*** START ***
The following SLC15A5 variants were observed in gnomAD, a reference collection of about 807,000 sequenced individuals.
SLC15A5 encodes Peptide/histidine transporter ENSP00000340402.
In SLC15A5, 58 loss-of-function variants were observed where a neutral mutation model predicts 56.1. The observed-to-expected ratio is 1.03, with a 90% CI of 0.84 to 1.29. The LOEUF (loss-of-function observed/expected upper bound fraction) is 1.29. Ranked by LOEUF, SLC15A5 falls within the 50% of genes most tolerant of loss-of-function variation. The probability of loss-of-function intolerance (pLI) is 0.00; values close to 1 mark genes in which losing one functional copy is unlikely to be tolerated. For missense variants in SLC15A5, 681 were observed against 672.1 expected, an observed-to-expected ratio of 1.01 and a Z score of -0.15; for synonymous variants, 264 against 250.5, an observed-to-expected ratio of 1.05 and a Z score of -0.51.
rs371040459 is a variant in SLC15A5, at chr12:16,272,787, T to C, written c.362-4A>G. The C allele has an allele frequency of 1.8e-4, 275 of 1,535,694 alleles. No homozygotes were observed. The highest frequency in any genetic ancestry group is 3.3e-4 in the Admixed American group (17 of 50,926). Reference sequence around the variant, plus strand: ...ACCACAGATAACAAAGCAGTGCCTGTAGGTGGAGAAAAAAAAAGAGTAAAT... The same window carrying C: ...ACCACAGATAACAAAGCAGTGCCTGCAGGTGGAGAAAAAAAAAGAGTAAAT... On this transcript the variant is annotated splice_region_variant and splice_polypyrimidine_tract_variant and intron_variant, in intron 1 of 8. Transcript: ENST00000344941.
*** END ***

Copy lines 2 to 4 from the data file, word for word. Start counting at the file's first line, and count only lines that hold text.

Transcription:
SLC15A5 encodes Peptide/histidine transporter ENSP00000340402.
In SLC15A5, 58 loss-of-function variants were observed where a neutral mutation model predicts 56.1. The observed-to-expected ratio is 1.03, with a 90% CI of 0.84 to 1.29. The LOEUF (loss-of-function observed/expected upper bound fraction) is 1.29. Ranked by LOEUF, SLC15A5 falls within the 50% of genes most tolerant of loss-of-function variation. The probability of loss-of-function intolerance (pLI) is 0.00; values close to 1 mark genes in which losing one functional copy is unlikely to be tolerated. For missense variants in SLC15A5, 681 were observed against 672.1 expected, an observed-to-expected ratio of 1.01 and a Z score of -0.15; for synonymous variants, 264 against 250.5, an observed-to-expected ratio of 1.05 and a Z score of -0.51.
rs371040459 is a variant in SLC15A5, at chr12:16,272,787, T to C, written c.362-4A>G. The C allele has an allele frequency of 1.8e-4, 275 of 1,535,694 alleles. No homozygotes were observed. The highest frequency in any genetic ancestry group is 3.3e-4 in the Admixed American group (17 of 50,926). Reference sequence around the variant, plus strand: ...ACCACAGATAACAAAGCAGTGCCTGTAGGTGGAGAAAAAAAAAGAGTAAAT... The same window carrying C: ...ACCACAGATAACAAAGCAGTGCCTGCAGGTGGAGAAAAAAAAAGAGTAAAT... On this transcript the variant is annotated splice_region_variant and splice_polypyrimidine_tract_variant and intron_variant, in intron 1 of 8. Transcript: ENST00000344941.